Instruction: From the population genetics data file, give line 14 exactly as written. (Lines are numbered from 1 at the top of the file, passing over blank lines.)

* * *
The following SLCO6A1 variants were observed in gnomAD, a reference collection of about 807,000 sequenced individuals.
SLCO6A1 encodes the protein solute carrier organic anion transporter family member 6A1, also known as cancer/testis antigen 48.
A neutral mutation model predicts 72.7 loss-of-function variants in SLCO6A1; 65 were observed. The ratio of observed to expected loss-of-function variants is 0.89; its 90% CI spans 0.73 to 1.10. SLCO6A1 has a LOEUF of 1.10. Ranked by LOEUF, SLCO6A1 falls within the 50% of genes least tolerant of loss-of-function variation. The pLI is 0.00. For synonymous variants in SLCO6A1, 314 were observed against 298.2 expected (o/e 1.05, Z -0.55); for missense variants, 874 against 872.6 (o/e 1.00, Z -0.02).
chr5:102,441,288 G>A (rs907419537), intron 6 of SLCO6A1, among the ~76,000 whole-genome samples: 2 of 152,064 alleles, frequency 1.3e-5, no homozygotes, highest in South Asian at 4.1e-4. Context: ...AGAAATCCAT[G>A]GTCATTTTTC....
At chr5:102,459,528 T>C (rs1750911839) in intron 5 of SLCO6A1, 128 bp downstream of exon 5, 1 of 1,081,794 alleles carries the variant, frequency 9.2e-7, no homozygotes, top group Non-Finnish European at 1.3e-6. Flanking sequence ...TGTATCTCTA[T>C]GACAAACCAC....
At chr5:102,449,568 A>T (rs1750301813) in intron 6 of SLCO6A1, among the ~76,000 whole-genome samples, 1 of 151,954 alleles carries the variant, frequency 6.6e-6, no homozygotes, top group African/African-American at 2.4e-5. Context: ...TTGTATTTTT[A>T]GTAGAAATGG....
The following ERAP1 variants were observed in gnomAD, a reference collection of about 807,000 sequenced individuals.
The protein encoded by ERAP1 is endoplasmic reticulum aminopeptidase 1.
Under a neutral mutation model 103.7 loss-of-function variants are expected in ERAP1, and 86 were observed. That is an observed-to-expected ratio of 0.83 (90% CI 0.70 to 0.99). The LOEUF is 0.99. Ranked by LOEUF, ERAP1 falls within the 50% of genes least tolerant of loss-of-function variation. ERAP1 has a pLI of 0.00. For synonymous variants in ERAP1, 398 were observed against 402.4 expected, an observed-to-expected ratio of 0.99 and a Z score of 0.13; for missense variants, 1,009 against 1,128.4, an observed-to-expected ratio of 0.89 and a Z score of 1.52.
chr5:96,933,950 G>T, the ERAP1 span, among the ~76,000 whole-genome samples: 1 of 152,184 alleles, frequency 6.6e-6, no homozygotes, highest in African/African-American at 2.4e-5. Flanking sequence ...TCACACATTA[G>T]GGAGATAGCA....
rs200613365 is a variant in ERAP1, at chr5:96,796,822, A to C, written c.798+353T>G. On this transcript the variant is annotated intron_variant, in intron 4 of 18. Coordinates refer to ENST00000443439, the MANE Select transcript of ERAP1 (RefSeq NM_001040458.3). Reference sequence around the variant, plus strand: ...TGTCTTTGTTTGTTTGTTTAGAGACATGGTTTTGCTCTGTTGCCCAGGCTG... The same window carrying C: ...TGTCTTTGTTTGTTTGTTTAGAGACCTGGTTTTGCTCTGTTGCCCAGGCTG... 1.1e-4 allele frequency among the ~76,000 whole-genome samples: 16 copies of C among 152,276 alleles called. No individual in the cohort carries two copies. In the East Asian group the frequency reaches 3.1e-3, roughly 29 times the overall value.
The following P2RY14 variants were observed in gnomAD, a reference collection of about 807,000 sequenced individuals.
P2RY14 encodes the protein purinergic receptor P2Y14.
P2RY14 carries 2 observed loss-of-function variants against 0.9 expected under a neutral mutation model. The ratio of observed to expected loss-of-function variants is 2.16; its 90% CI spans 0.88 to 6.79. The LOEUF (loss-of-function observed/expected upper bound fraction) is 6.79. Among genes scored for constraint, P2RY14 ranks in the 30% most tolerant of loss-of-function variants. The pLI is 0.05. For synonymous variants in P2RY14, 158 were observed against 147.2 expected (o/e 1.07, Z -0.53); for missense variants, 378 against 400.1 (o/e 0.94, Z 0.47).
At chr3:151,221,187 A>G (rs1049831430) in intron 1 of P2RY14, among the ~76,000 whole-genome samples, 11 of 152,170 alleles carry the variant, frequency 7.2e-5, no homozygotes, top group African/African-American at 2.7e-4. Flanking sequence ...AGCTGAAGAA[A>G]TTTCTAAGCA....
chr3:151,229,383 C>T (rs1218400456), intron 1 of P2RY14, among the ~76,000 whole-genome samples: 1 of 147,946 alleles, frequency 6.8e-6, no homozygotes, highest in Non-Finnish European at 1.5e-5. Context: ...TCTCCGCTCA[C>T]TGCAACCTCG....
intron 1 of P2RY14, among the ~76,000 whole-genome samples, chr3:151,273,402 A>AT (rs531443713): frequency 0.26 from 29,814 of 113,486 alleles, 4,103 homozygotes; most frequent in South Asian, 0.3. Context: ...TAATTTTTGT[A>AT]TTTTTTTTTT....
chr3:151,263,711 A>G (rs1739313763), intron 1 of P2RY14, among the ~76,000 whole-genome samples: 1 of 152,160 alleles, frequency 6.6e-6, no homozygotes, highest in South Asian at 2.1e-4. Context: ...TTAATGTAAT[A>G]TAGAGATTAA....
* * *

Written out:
P2RY14 carries 2 observed loss-of-function variants against 0.9 expected under a neutral mutation model. The ratio of observed to expected loss-of-function variants is 2.16; its 90% CI spans 0.88 to 6.79. The LOEUF (loss-of-function observed/expected upper bound fraction) is 6.79. Among genes scored for constraint, P2RY14 ranks in the 30% most tolerant of loss-of-function variants. The pLI is 0.05. For synonymous variants in P2RY14, 158 were observed against 147.2 expected (o/e 1.07, Z -0.53); for missense variants, 378 against 400.1 (o/e 0.94, Z 0.47).